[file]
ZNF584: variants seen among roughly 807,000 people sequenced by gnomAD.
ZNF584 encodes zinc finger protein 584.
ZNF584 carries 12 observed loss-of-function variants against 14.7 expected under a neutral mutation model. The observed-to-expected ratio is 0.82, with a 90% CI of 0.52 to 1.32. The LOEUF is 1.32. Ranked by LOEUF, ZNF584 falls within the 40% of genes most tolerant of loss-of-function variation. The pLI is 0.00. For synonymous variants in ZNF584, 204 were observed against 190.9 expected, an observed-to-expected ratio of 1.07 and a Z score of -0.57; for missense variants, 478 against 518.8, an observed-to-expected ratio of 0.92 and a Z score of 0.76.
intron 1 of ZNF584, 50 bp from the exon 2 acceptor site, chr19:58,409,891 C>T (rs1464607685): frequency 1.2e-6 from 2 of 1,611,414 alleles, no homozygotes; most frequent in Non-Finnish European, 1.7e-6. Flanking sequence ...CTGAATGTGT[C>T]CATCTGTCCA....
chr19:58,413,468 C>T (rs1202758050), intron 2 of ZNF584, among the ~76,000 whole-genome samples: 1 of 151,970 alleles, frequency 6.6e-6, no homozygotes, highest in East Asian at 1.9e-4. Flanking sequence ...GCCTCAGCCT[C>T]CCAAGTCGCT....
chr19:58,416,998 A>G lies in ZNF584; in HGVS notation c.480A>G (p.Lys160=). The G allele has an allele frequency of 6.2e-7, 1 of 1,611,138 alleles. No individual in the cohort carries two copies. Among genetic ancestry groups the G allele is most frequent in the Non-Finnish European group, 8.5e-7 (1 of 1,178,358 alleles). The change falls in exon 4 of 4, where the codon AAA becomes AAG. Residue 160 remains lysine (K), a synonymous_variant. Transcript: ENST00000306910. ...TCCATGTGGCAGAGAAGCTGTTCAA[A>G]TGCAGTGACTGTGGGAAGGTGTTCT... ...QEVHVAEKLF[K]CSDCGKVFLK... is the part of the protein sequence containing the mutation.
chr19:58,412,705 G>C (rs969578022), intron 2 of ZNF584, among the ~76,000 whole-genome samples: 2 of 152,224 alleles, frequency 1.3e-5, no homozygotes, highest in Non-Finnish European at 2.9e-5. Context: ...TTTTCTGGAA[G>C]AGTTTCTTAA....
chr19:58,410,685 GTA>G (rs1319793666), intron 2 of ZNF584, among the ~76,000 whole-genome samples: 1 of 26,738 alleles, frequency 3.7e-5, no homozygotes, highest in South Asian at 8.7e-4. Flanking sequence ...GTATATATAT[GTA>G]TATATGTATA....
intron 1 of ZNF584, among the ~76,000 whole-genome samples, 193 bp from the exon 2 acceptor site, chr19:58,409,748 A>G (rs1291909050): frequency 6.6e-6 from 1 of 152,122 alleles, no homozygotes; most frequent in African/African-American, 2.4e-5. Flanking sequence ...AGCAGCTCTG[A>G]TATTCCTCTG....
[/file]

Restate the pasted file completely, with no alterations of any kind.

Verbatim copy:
ZNF584: variants seen among roughly 807,000 people sequenced by gnomAD.
ZNF584 encodes zinc finger protein 584.
ZNF584 carries 12 observed loss-of-function variants against 14.7 expected under a neutral mutation model. The observed-to-expected ratio is 0.82, with a 90% CI of 0.52 to 1.32. The LOEUF is 1.32. Ranked by LOEUF, ZNF584 falls within the 40% of genes most tolerant of loss-of-function variation. The pLI is 0.00. For synonymous variants in ZNF584, 204 were observed against 190.9 expected, an observed-to-expected ratio of 1.07 and a Z score of -0.57; for missense variants, 478 against 518.8, an observed-to-expected ratio of 0.92 and a Z score of 0.76.
intron 1 of ZNF584, 50 bp from the exon 2 acceptor site, chr19:58,409,891 C>T (rs1464607685): frequency 1.2e-6 from 2 of 1,611,414 alleles, no homozygotes; most frequent in Non-Finnish European, 1.7e-6. Flanking sequence ...CTGAATGTGT[C>T]CATCTGTCCA....
chr19:58,413,468 C>T (rs1202758050), intron 2 of ZNF584, among the ~76,000 whole-genome samples: 1 of 151,970 alleles, frequency 6.6e-6, no homozygotes, highest in East Asian at 1.9e-4. Flanking sequence ...GCCTCAGCCT[C>T]CCAAGTCGCT....
chr19:58,416,998 A>G lies in ZNF584; in HGVS notation c.480A>G (p.Lys160=). The G allele has an allele frequency of 6.2e-7, 1 of 1,611,138 alleles. No individual in the cohort carries two copies. Among genetic ancestry groups the G allele is most frequent in the Non-Finnish European group, 8.5e-7 (1 of 1,178,358 alleles). The change falls in exon 4 of 4, where the codon AAA becomes AAG. Residue 160 remains lysine (K), a synonymous_variant. Transcript: ENST00000306910. ...TCCATGTGGCAGAGAAGCTGTTCAA[A>G]TGCAGTGACTGTGGGAAGGTGTTCT... ...QEVHVAEKLF[K]CSDCGKVFLK... is the part of the protein sequence containing the mutation.
chr19:58,412,705 G>C (rs969578022), intron 2 of ZNF584, among the ~76,000 whole-genome samples: 2 of 152,224 alleles, frequency 1.3e-5, no homozygotes, highest in Non-Finnish European at 2.9e-5. Context: ...TTTTCTGGAA[G>C]AGTTTCTTAA....
chr19:58,410,685 GTA>G (rs1319793666), intron 2 of ZNF584, among the ~76,000 whole-genome samples: 1 of 26,738 alleles, frequency 3.7e-5, no homozygotes, highest in South Asian at 8.7e-4. Flanking sequence ...GTATATATAT[GTA>G]TATATGTATA....
intron 1 of ZNF584, among the ~76,000 whole-genome samples, 193 bp from the exon 2 acceptor site, chr19:58,409,748 A>G (rs1291909050): frequency 6.6e-6 from 1 of 152,122 alleles, no homozygotes; most frequent in African/African-American, 2.4e-5. Flanking sequence ...AGCAGCTCTG[A>G]TATTCCTCTG....